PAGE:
Monday, 28 October 2013

What Makes A Mom

I was out with my two best girlfriends this weekend and the topic turned to motherhood.  We talked about our fears of inadequacy before becoming mothers (and also our fears of continuing inadequacy after becoming mothers).

We put a lot of pressure on ourselves to be the "perfect" mom.  There are a lot of experts who are only too happy to tell a mom why her slightest mistake will turn her child into a potential serial killer or raging alcoholic or a guilt-sucking endless void of neediness.  Sometimes a combination of all three.

Evolutionary psychologists talk about the paleolithic shaping era, when they believe we learned to be human.  This is where women learned to want powerful, strong men and the initial sex divisions of hunting and gathering started.  Also, when we were being eaten by a lot of Nature's other contenders for Top of The World.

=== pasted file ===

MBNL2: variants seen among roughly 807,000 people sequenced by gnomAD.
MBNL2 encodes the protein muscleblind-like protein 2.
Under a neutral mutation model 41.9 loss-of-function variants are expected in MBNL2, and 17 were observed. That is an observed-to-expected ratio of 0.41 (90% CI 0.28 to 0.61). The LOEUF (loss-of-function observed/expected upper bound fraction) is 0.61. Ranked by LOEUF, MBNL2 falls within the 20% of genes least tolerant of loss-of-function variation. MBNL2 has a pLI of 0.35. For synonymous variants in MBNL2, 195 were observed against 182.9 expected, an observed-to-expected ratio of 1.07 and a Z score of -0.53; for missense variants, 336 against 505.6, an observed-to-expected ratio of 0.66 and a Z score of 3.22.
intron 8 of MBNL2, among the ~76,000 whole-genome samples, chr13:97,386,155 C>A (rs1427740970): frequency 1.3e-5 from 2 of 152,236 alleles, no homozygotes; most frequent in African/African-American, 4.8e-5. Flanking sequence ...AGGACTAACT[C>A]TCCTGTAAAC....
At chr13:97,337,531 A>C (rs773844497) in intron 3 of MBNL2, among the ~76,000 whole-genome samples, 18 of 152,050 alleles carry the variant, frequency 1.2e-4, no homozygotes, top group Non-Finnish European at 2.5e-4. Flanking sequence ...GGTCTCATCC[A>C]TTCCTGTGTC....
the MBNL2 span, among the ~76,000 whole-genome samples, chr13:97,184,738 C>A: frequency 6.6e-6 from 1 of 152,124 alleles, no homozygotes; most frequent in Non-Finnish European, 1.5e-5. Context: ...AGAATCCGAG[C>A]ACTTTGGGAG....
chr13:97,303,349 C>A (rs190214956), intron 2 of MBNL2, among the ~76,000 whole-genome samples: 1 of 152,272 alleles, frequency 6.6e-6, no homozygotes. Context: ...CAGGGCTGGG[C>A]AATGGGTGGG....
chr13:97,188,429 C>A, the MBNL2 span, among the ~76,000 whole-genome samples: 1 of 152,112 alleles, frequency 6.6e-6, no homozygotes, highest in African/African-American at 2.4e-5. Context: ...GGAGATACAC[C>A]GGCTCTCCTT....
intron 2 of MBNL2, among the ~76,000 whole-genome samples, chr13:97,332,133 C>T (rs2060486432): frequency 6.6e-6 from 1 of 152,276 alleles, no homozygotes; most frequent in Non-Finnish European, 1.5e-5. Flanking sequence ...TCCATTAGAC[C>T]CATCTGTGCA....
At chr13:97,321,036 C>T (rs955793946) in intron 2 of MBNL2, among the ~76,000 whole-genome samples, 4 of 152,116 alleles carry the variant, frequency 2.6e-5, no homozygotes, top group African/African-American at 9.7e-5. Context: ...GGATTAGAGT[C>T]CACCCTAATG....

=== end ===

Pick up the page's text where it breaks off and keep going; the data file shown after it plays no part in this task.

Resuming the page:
Our parenting hardwiring must also have been shaped at this time.  So our internal parenting strategies are all based on the premise that if at least half of our offspring survive long enough to start mouthing off to us, we've won the genetic lottery.

That is an awesomely low bar to clear. 

Clean water, adequate food and wildlife-free shelters pretty much guarantee we are better parents than we're designed to be.  We've already won.

My glee at this may seem strange but frankly, I think mothers could use something of a break.  We are doing way better than we think we are.  We're not inadequate.  If you love your child and haven't given in to the temptation to flee for the Mexican border ... that is worthy of some celebration.

I'm going to make an effort to summon up my inner cavewoman more often and just be thrilled that nothing is actively trying to eat me or my family.

It's a little victory.  But it's something.

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